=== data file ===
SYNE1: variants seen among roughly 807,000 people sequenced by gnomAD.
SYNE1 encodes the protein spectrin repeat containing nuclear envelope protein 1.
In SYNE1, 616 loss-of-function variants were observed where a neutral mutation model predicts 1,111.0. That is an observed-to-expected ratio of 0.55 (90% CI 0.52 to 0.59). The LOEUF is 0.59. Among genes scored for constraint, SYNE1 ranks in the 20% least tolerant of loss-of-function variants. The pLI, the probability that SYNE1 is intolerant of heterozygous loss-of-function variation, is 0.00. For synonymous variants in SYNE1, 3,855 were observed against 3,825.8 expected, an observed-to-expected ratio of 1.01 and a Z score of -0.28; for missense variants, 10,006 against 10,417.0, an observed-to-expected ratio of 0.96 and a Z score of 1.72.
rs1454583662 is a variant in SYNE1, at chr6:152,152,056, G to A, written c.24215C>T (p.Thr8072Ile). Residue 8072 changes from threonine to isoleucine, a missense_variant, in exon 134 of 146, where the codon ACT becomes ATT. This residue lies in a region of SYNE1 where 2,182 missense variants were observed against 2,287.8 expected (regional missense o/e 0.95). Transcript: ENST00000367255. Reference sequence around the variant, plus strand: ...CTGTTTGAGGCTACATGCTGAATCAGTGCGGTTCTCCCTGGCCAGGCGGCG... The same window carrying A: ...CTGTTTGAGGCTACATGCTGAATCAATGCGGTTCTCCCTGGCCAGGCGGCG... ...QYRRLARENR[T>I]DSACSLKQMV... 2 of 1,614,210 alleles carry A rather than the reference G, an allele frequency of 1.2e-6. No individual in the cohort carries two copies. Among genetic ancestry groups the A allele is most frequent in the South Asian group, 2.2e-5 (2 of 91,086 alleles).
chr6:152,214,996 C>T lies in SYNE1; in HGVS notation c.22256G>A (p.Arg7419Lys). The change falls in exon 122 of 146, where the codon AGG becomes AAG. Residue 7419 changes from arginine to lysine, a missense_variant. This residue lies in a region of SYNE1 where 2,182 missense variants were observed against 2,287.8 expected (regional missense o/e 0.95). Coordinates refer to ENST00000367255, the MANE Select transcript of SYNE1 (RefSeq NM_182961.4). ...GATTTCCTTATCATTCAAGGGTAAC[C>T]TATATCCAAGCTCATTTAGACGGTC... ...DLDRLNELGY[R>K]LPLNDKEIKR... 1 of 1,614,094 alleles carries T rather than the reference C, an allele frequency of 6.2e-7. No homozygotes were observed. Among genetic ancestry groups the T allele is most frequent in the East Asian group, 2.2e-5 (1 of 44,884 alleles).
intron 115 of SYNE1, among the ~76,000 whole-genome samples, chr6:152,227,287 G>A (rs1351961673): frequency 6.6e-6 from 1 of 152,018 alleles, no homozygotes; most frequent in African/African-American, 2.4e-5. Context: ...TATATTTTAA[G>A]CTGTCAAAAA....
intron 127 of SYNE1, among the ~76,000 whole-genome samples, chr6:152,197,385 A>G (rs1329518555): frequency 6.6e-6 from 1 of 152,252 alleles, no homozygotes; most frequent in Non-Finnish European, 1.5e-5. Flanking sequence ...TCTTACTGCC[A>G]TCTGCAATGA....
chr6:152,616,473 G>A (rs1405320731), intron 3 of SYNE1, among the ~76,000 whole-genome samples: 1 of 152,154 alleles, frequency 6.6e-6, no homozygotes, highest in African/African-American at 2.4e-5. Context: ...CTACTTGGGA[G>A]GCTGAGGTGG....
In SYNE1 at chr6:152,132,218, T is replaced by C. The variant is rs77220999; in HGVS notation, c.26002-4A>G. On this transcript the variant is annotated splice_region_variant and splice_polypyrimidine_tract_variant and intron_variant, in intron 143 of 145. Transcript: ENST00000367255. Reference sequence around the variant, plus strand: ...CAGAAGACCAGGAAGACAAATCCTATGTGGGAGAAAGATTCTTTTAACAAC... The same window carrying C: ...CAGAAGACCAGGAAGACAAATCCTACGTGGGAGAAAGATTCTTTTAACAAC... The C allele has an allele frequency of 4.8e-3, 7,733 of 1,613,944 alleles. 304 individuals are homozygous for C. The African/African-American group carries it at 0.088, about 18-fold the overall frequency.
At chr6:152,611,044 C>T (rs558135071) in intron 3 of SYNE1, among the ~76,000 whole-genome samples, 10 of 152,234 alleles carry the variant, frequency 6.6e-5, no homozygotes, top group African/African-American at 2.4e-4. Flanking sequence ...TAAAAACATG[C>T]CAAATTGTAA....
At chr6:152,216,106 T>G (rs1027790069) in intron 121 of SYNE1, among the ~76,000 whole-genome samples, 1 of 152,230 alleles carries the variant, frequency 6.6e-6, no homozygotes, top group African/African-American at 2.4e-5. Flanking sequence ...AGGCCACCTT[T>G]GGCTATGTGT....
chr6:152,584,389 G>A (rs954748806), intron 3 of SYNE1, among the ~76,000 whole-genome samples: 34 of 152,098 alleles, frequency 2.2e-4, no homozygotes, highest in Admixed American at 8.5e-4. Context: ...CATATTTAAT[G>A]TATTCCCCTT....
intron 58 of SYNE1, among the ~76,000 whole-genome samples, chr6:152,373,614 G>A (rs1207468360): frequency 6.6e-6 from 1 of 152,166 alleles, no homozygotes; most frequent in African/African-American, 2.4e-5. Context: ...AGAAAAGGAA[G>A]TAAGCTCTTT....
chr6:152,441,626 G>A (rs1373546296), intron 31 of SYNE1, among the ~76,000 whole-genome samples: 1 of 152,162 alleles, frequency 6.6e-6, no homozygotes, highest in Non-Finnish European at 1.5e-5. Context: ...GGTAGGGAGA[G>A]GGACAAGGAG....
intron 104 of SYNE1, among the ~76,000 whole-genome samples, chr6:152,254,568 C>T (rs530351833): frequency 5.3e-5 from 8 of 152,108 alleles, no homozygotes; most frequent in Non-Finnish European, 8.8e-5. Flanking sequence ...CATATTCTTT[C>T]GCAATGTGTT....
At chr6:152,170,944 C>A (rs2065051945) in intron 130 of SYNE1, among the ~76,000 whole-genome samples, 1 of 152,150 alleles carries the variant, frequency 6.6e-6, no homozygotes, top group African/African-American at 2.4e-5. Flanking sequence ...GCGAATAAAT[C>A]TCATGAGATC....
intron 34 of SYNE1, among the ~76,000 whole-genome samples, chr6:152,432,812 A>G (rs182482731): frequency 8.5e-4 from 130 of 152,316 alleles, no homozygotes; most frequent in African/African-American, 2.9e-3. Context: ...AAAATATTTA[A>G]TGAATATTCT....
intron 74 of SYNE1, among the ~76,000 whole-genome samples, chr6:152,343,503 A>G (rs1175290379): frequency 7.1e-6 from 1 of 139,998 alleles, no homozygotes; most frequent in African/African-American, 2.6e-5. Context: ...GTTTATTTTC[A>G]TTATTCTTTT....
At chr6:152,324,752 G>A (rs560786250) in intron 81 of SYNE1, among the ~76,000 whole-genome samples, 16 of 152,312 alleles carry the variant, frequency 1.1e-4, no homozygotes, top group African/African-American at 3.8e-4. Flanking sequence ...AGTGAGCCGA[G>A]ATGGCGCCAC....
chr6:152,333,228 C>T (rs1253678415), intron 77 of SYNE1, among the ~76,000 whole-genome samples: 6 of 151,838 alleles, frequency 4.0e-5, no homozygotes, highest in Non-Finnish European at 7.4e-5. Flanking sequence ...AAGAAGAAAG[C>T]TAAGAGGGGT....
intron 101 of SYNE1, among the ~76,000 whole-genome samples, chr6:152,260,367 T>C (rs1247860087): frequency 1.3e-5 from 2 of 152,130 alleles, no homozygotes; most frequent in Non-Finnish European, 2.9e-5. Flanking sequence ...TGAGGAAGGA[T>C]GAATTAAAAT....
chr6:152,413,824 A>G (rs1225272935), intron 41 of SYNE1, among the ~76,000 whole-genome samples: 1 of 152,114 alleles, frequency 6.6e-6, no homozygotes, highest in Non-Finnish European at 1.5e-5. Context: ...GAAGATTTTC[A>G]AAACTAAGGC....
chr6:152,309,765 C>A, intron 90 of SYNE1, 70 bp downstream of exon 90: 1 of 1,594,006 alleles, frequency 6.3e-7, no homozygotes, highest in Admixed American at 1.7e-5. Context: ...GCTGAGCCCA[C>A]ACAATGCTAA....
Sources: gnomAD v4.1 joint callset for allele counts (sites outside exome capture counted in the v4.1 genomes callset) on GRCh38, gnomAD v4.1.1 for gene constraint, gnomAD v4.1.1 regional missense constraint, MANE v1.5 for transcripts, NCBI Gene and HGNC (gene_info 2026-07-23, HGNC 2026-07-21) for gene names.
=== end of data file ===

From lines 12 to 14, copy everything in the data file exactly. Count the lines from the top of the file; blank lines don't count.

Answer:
chr6:152,584,389 G>A (rs954748806), intron 3 of SYNE1, among the ~76,000 whole-genome samples: 34 of 152,098 alleles, frequency 2.2e-4, no homozygotes, highest in Admixed American at 8.5e-4. Context: ...CATATTTAAT[G>A]TATTCCCCTT....
intron 58 of SYNE1, among the ~76,000 whole-genome samples, chr6:152,373,614 G>A (rs1207468360): frequency 6.6e-6 from 1 of 152,166 alleles, no homozygotes; most frequent in African/African-American, 2.4e-5. Context: ...AGAAAAGGAA[G>A]TAAGCTCTTT....
chr6:152,441,626 G>A (rs1373546296), intron 31 of SYNE1, among the ~76,000 whole-genome samples: 1 of 152,162 alleles, frequency 6.6e-6, no homozygotes, highest in Non-Finnish European at 1.5e-5. Context: ...GGTAGGGAGA[G>A]GGACAAGGAG....